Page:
When I am photographing plants, I often favour my macro lens in order to capture the details of flowers. Today I made a conscious decision to use a different lens in order to capture the bigger picture. I enjoyed playing around with angles so that I could capture detail in the foreground, but give a sense of space and perspective in the background.
Hyacinths are the easiest of bulbs to grow in the garden. They are reliably hardy and perennial, and bulk up each year. Just remember to wear gloves when planting, and don’t touch your face!
There are some rather wonderful words for describing the shape of a flower’s stigma. ‘Plumoso’ describes a feathered shape. ‘Lobado’ describes a lobed shape. There is conicoid (conical), discoide (disc-shaped) and con pelos (with hair). I would describe a crocus stigma as plumoso. Lucky crocus.
I love watching any type of bee, but bumblebees are especially endearing. Especially when they dive nose-first into a flower and tip up their furry bums.
You can see the intricacy of the markings. They remind me of a school chromatography experiment when we made an ink spot on blotting paper and then dipped it in water. The pigments in the ink slowly separated and spread out over the blotting paper.
I don’t know about you, but when I visit a garden over and over again, I tend to go in exactly the same direction in the same order as every other time I have visited. Somehow, in the nine years I have been visiting Leeds Castle, I have managed never to have noticed Lady Baillie’s Mediterranean Garden.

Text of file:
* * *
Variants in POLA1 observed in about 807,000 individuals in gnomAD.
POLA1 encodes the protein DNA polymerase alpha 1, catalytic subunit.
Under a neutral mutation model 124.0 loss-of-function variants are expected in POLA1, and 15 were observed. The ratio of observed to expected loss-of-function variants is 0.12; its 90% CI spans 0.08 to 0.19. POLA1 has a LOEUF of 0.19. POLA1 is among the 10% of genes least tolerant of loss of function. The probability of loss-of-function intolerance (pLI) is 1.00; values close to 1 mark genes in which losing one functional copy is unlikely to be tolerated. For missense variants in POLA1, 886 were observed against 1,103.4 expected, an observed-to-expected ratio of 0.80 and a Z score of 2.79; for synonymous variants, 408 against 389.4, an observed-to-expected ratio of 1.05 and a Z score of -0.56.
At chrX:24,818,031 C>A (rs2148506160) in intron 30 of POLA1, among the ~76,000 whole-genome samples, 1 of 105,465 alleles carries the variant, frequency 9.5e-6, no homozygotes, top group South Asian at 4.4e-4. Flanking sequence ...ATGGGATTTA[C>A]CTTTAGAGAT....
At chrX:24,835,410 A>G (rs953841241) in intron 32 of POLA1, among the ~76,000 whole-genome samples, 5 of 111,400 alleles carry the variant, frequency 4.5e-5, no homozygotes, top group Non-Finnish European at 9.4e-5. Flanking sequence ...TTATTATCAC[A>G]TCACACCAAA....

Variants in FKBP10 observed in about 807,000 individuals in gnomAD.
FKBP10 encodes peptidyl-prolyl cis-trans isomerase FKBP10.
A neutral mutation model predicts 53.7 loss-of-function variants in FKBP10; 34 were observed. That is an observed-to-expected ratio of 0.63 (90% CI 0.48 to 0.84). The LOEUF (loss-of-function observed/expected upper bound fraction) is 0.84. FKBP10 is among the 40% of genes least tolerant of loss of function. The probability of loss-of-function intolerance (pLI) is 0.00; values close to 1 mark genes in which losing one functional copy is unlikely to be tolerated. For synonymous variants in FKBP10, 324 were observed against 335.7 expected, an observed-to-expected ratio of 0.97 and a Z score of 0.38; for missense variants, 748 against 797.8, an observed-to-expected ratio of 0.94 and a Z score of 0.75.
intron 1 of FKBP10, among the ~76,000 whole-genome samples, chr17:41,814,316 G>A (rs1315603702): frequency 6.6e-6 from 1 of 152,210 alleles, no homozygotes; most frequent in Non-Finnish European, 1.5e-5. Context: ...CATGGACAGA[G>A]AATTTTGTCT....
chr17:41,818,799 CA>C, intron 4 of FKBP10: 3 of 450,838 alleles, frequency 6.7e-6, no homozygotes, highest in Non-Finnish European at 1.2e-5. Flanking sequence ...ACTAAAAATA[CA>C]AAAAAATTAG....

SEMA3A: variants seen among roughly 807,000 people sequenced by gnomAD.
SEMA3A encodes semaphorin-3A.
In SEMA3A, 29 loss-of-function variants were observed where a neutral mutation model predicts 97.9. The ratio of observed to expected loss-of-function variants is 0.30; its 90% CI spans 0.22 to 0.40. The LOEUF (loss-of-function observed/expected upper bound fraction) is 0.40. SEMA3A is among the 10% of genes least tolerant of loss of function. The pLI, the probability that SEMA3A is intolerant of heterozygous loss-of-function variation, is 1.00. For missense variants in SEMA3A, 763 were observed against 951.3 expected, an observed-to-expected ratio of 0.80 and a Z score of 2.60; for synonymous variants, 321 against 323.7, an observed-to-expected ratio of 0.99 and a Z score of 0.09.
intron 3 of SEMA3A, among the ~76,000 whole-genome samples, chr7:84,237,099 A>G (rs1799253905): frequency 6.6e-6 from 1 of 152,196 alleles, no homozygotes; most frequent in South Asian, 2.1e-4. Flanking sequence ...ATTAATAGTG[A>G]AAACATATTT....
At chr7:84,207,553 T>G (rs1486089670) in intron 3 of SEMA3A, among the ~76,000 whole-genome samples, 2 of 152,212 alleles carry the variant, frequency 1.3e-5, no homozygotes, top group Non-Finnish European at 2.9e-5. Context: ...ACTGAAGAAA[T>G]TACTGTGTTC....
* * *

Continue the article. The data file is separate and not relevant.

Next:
The words of this song keep coming back to me as I find little groups of crocuses around the garden.
Like with so many spring bulbs, you spend hours watching over them, singing to them, telling them little stories, begging them to open. Then just as your back is turned (you have put the kettle on to boil, or just nipped to the loo), TA DA! The most magnificent flower has sprung open!
Gardening is an act of faith. Most of what you are doing is going to take a while to come to fruition. Whether it is sowing seeds, planting bulbs, taking a cutting, even pruning…you have to have faith that your actions are going to lead to something good.
There are so many signs of spring, but we can’t quite shake off winter. It’s like we have a fifth season, spr-inter. Its colours are minty-fresh, but with a hint of honey…
How is it, when all the others are much bigger, much stronger, more colourful, more showy… how is it that the humble little snowdrop is the bravest of all?
This has been a rough old autumn. Not because of the weather, but because of the political climate. Never have I been more affected by news stories (see Direct Action). The personal has most definitely been political. So where do I seek refuge? You guessed it! There is nothing like a spot of digging to…